The Importance of Exercise During Pregnancy

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pregnant woman holding bottle of waterThe Importance of Exercise During Pregnancy

Exercise during pregnancy can have many great benefits for both mother and baby. Exercise can: decrease stress, improve posture, increase stamina and pelvic floor muscle strength to aide in delivery, prevent excess weight gain, and decrease risk of gestational diabetes. Certain precautions need to be taken into consideration to maintain a healthy pregnancy.

Various changes occur to a woman’s body throughout the nine months of growth and development.

• Hormones produced during pregnancy cause increased laxity in the ligaments throughout the body. This makes a woman more susceptible to injury due to decreased stability.
• A growing baby bump shifts a woman’s center of gravity forward; thus causing a woman to lean back to maintain balance. This also puts a woman at increased risk of falling.
• Increased breast size also causes postural changes which can lead to forward shoulders, mid back pain, and neck strain.

Many exercises are safe to perform while pregnant. It is recommended to continue, on a modified level, with an exercise program that was of comfort prior to pregnancy. It is not recommended to begin a new, strenuous exercise regimen during pregnancy. The following exercises are safe to perform during pregnancy:

• Walking
• Swimming
• Stationary bike
• Gentle postural exercises
• Prenatal yoga classes
• If you were a runner prior to becoming pregnant you can continue to run during pregnancy on a modified program. Check with your healthcare provider prior to beginning a running regimen while pregnant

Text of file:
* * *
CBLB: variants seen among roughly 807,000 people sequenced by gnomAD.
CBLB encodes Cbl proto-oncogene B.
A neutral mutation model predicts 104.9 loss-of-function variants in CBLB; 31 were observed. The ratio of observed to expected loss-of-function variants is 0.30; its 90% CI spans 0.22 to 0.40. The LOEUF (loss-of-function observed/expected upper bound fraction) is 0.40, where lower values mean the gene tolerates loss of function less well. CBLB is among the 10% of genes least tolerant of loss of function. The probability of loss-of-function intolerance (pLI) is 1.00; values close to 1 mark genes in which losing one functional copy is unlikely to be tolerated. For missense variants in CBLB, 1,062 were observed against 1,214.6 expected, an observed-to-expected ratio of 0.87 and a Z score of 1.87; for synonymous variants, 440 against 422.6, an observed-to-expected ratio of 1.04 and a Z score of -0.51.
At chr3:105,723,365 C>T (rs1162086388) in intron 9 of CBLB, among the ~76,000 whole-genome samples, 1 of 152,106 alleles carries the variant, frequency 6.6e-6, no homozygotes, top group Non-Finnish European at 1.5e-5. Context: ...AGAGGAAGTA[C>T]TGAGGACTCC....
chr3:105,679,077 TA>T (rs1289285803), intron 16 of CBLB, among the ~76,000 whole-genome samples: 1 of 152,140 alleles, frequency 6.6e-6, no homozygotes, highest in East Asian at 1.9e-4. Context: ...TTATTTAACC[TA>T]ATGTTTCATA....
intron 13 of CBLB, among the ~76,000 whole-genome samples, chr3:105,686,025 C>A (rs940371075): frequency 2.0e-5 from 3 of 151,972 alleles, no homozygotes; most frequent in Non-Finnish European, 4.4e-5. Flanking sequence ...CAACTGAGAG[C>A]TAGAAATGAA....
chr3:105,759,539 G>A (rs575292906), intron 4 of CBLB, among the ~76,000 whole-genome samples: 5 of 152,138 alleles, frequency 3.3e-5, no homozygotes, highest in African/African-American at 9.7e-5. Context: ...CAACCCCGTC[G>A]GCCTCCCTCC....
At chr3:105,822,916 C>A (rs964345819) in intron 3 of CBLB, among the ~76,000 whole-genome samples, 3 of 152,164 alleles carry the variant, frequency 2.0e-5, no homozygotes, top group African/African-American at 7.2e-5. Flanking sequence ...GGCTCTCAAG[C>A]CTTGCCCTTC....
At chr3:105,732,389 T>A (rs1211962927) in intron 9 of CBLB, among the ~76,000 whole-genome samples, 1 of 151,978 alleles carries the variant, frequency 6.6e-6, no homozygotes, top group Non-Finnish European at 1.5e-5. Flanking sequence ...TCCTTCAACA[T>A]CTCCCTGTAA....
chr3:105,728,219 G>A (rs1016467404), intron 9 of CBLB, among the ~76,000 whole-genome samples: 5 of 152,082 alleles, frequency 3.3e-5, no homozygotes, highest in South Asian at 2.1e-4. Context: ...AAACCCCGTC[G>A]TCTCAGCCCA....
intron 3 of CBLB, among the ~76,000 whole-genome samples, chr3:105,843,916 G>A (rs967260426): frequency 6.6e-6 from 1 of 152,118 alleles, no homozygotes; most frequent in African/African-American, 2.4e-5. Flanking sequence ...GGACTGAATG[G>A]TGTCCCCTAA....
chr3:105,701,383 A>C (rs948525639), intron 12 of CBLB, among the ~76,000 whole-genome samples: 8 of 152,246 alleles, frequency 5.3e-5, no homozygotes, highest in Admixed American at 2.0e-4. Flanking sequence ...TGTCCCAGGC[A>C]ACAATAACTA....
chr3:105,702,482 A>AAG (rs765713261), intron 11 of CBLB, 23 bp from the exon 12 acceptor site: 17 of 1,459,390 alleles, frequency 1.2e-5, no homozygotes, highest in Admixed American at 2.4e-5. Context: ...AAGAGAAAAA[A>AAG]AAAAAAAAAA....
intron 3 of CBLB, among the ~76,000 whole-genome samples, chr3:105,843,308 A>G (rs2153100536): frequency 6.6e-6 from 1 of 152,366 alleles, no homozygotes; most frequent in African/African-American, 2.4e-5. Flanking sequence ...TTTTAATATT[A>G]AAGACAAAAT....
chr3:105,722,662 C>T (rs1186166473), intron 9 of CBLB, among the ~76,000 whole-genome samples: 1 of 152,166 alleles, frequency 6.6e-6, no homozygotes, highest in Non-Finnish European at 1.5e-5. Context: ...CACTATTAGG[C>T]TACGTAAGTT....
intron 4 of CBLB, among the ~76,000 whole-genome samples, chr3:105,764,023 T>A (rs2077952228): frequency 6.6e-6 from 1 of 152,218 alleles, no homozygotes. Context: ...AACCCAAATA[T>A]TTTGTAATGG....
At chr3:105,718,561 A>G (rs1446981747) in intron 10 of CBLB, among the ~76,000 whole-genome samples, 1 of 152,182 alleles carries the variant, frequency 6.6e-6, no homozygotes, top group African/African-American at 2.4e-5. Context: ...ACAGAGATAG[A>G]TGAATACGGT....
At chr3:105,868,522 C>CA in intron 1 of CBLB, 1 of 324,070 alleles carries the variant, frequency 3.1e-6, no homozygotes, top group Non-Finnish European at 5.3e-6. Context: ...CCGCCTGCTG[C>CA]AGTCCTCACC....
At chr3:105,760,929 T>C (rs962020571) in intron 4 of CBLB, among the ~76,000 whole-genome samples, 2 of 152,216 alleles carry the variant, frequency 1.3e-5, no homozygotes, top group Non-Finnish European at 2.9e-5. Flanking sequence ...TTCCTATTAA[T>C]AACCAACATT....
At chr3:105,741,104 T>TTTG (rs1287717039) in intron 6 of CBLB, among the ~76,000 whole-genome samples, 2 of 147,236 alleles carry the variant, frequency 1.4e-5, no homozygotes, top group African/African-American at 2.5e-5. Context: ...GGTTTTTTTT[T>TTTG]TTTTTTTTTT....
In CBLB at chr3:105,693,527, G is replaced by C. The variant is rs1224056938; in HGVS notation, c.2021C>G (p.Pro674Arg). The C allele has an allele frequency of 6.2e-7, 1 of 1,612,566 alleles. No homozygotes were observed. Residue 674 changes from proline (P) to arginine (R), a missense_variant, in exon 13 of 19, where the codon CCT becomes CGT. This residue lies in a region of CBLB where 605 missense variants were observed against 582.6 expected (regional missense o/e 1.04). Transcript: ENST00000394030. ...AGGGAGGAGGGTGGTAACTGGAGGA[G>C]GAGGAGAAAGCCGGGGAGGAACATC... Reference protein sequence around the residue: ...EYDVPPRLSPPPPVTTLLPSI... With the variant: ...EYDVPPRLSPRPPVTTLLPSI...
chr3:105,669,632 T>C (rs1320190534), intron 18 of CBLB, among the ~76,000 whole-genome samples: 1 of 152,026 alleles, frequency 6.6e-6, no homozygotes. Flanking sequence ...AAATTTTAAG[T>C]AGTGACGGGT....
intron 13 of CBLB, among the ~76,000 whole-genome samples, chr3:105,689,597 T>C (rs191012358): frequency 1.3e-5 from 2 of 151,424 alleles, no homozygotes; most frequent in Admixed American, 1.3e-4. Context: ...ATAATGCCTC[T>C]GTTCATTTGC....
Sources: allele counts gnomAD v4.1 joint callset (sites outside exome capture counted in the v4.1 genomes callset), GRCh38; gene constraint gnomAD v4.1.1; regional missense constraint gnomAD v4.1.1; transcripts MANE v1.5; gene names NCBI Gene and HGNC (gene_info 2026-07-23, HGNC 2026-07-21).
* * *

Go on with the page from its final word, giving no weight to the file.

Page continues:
It is advised to avoid exercises or recreational activities which have a risk of falling. The following exercises can be harmful if performed during pregnancy:

• Downhill skiing
• Contact sports
• Horseback riding
• Scuba diving (due to risk of decompression sickness)
• Exercise in hot, humid weather
• Aggressive stretching (due to ligament laxity)
• Exercises that involves lying flat on your back (in second and third trimesters)
• Traditional sit-ups during the third trimester (increased risk of diastasis recti)

The American College of Obstetrics and Gynecology recommends 30 minutes of low impact exercise everyday during a healthy, low risk pregnancy. Be sure to drink plenty of fluids, wear lose/comfortable clothing, and have fun!

For more information, please visit www.jagpediatric.com.

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